Wednesday, September 25, 2013

On Being Yourself...

It was Autumn, and I was a sophomore in college, living at UMass Lowell. I had homework to do, sorority projects to work on, friends to see, and beers to drink. But I’m over 18 now, I can do whatever I want, I’m a grownup, I thought. So I did what most new adults do when they have all the freedom they ever dreamed of right in the palm of their hand: I proved my age to the world.

I had my boyfriend at the time take me to get my first tattoo, and I sat through the pain like it was nothing more than a mere tickle, because adults don’t cry, I reminded myself. After the tattoo was finished and I paid the $90.00 I had been saving, we drove to my parents' house where I showed off my newfound rebellion in the form of a black Pisces sign on my left hip. “Mom, Dad, look what I did. Isn’t it great?” Surprisingly, they liked it. I didn’t know what to think. Was I secretly hoping they’d be disappointed, so I could come back with some strategic tale about how I’m old enough and can make my own decisions? Or was I happy with the fact that I just realized I had the coolest parents in the world? I couldn’t decide, but over the next four years, I got four more tattoos and proved to the world that I was myself, dressed proudly in my new ink, each tattoo symbolizing a different piece of my life.

It was Autumn again, except this time I was 26 driving home from my full-time corporate job, feeling much more like an adult than I did when I sat in that first tattoo parlor.  I picked up my cell phone, knowing I shouldn’t be using it while driving, but I can do whatever I want, I’m a grownup, I thought.

“Dad, I really want to get a new tattoo”, I boasted, thinking I’d hear “honey, you already have five, isn’t that enough?” in his typical I know you’re 26, but I’m still your father and have been around the block type of tone. And within the three seconds it took him to respond, I didn’t have time to plan out an emblematic-Holly-fashioned comeback. “Well that’s cool, sweetheart. Whatever you think is best. You’re an adult, and your mother and I know you make wise choices. However you want to express yourself is fine with us.” What?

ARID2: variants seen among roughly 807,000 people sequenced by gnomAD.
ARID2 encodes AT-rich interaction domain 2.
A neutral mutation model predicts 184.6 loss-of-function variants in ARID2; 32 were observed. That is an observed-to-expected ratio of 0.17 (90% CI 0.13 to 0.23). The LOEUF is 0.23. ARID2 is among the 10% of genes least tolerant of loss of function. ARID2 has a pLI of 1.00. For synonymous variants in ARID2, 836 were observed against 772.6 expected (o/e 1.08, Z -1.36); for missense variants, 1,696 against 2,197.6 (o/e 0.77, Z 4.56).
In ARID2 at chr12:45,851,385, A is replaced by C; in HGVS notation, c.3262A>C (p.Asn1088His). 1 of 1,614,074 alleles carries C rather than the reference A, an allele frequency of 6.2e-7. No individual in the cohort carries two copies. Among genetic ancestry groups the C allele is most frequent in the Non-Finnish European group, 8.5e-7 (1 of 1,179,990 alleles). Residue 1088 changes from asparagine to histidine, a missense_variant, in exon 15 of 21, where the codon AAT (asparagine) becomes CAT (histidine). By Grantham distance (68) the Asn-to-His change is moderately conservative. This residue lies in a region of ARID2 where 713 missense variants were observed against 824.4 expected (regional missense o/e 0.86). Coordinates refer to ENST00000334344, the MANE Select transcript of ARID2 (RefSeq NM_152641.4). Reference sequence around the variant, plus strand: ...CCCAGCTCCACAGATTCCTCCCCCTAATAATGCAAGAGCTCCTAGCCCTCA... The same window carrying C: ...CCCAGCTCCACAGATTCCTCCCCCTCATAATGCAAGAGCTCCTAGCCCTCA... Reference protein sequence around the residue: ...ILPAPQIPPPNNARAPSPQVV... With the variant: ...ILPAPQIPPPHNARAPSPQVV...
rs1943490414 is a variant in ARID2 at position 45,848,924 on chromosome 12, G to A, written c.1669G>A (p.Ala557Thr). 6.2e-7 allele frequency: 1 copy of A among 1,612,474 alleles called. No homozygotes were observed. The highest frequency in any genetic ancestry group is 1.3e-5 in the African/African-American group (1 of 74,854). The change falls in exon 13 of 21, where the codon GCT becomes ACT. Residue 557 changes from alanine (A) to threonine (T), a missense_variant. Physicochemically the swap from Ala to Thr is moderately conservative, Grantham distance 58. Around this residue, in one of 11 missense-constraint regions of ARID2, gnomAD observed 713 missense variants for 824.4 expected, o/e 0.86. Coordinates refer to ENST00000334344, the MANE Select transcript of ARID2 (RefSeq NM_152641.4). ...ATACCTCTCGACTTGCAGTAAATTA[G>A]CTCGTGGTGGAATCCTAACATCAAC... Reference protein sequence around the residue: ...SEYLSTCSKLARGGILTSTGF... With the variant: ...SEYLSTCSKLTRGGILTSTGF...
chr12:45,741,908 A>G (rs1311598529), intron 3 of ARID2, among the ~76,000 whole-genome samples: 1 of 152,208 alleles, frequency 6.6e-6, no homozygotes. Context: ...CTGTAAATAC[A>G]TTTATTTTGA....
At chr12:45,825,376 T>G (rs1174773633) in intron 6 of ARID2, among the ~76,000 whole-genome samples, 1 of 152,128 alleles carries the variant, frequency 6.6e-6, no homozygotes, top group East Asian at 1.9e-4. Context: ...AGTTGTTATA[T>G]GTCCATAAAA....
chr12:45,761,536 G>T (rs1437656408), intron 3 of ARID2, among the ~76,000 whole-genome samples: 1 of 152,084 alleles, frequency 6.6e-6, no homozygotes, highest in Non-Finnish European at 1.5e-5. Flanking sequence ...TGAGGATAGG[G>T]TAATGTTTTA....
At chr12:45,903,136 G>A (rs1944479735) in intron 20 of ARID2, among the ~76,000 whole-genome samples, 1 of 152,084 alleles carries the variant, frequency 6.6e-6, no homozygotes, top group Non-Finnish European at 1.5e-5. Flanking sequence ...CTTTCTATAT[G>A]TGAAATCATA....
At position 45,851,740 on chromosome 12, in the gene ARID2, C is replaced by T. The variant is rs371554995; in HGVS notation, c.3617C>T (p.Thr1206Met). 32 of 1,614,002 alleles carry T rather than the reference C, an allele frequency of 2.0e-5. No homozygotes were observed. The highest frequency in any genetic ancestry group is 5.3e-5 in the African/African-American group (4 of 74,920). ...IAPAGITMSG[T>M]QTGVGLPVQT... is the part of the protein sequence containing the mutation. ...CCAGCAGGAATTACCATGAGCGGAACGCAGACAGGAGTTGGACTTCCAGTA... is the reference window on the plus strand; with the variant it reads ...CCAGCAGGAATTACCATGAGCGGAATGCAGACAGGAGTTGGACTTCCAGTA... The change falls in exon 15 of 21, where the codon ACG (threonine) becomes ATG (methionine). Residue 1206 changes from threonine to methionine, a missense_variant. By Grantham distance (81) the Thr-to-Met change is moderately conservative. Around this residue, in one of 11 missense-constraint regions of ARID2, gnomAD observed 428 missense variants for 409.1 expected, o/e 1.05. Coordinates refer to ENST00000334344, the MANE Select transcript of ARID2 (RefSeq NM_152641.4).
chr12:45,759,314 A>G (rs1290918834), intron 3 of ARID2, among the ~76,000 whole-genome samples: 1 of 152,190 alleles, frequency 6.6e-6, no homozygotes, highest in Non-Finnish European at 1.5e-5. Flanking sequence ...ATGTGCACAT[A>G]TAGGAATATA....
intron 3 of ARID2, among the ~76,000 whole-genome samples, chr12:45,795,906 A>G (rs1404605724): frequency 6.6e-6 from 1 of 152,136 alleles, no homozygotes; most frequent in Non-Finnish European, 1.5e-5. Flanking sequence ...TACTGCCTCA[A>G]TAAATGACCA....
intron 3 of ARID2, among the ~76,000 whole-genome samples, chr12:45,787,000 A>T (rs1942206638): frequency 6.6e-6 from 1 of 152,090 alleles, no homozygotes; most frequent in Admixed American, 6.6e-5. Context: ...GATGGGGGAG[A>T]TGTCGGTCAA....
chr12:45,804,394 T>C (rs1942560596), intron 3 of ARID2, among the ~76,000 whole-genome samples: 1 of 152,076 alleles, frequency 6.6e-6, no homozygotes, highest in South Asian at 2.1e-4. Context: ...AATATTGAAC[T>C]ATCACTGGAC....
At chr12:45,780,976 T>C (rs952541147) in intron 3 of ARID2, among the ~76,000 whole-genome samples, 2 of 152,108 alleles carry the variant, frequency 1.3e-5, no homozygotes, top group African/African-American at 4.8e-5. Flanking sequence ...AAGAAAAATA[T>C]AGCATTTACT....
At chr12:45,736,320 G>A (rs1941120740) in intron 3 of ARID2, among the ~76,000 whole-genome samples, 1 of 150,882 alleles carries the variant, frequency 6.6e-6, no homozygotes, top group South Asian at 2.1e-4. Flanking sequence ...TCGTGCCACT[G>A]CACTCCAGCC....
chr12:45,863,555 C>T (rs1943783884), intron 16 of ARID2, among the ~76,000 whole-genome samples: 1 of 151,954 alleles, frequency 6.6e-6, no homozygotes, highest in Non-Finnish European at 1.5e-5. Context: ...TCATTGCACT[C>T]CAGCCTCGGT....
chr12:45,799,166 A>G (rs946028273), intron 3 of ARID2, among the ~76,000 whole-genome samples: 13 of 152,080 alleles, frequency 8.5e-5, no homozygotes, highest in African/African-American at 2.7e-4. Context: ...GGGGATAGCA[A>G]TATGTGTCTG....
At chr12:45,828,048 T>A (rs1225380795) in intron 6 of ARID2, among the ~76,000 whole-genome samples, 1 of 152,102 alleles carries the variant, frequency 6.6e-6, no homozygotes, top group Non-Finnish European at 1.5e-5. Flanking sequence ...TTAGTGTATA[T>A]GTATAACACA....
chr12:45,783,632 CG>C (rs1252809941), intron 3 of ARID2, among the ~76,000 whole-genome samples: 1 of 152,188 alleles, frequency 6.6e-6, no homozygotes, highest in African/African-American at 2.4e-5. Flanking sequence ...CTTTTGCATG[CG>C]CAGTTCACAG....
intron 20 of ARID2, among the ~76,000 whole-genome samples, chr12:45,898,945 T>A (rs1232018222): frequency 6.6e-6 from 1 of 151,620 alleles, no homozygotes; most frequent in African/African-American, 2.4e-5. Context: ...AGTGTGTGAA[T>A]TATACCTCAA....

I guess when I was a teenager, I never noticed how lucky I was. Taking the time to appreciate the freedom my parents gave me wasn’t something I really noticed, or held above other lessons they taught. But I’m a grown up now, I’m thinking, as I sit here and type this, and I have a little more experience under my belt. I can now reflect on the best lesson my parents ever taught me, even if it took hundreds of needles and permanent ink on my skin (which I will never regret) for me to learn.
So here’s a promise I can make to keep : people will always judge you. They might judge the way you dress, they might judge the friends you keep, they might judge if you’ve had one too many beers on a work night, have too much ink on your skin, or have made decisions they can’t even begin to understand.
But here’s another promise I can keep : what they think of you really doesn’t matter in the grand scheme of things. Your life is your own unique fortress to build, to break, to mess up and to live as chaotically and as colorfully as you want to. It’s your decision if you want to race through this voyage as rapidly as you can, or trail along unhurried, counting stars and grains of sand. If you want to focus on every breath you take, or want to pretend you’re not breathing at all, then do it. If you want to tattoo a f*cking novel on your skin, don’t let anybody stop you.

Tuesday, September 17, 2013

Today, I believe....

...that the skyline of Boston is a sight I’ll always be thrilled to see, with a drive consisting of thirty minutes, jagged streets, busy lives, and so many possibilities,

 … but that Nashville is still my favorite city.
... that every once in a while, it’s okay to turn off my cell phone and re-connect with myself.
... that I can relate to so many songs on the radio and sometimes find myself saying out loud, “this must have been written for me”.
... that my gut feeling is always right.
... that there’s something insanely breathtaking about the chill of Autumn mornings.